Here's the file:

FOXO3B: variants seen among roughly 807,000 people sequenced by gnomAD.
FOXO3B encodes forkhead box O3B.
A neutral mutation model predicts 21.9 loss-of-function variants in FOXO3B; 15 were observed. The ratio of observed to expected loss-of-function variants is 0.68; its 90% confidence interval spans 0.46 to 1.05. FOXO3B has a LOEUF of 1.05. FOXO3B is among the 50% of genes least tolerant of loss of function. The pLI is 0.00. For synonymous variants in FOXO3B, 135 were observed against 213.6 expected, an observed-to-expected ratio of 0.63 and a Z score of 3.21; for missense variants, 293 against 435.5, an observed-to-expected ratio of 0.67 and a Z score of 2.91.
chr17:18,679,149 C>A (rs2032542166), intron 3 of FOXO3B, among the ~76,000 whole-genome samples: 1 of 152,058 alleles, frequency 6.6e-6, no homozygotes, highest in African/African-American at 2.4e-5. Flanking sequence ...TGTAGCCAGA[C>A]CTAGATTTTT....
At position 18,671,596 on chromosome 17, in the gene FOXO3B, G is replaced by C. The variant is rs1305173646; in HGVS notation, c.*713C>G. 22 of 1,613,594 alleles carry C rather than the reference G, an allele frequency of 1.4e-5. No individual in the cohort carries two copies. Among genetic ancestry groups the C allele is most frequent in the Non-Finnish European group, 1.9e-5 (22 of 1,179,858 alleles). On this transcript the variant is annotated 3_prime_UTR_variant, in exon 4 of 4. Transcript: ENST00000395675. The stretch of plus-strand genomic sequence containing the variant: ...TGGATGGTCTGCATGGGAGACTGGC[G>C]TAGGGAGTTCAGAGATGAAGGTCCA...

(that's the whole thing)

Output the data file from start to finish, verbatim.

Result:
FOXO3B: variants seen among roughly 807,000 people sequenced by gnomAD.
FOXO3B encodes forkhead box O3B.
A neutral mutation model predicts 21.9 loss-of-function variants in FOXO3B; 15 were observed. The ratio of observed to expected loss-of-function variants is 0.68; its 90% confidence interval spans 0.46 to 1.05. FOXO3B has a LOEUF of 1.05. FOXO3B is among the 50% of genes least tolerant of loss of function. The pLI is 0.00. For synonymous variants in FOXO3B, 135 were observed against 213.6 expected, an observed-to-expected ratio of 0.63 and a Z score of 3.21; for missense variants, 293 against 435.5, an observed-to-expected ratio of 0.67 and a Z score of 2.91.
chr17:18,679,149 C>A (rs2032542166), intron 3 of FOXO3B, among the ~76,000 whole-genome samples: 1 of 152,058 alleles, frequency 6.6e-6, no homozygotes, highest in African/African-American at 2.4e-5. Flanking sequence ...TGTAGCCAGA[C>A]CTAGATTTTT....
At position 18,671,596 on chromosome 17, in the gene FOXO3B, G is replaced by C. The variant is rs1305173646; in HGVS notation, c.*713C>G. 22 of 1,613,594 alleles carry C rather than the reference G, an allele frequency of 1.4e-5. No individual in the cohort carries two copies. Among genetic ancestry groups the C allele is most frequent in the Non-Finnish European group, 1.9e-5 (22 of 1,179,858 alleles). On this transcript the variant is annotated 3_prime_UTR_variant, in exon 4 of 4. Transcript: ENST00000395675. The stretch of plus-strand genomic sequence containing the variant: ...TGGATGGTCTGCATGGGAGACTGGC[G>C]TAGGGAGTTCAGAGATGAAGGTCCA...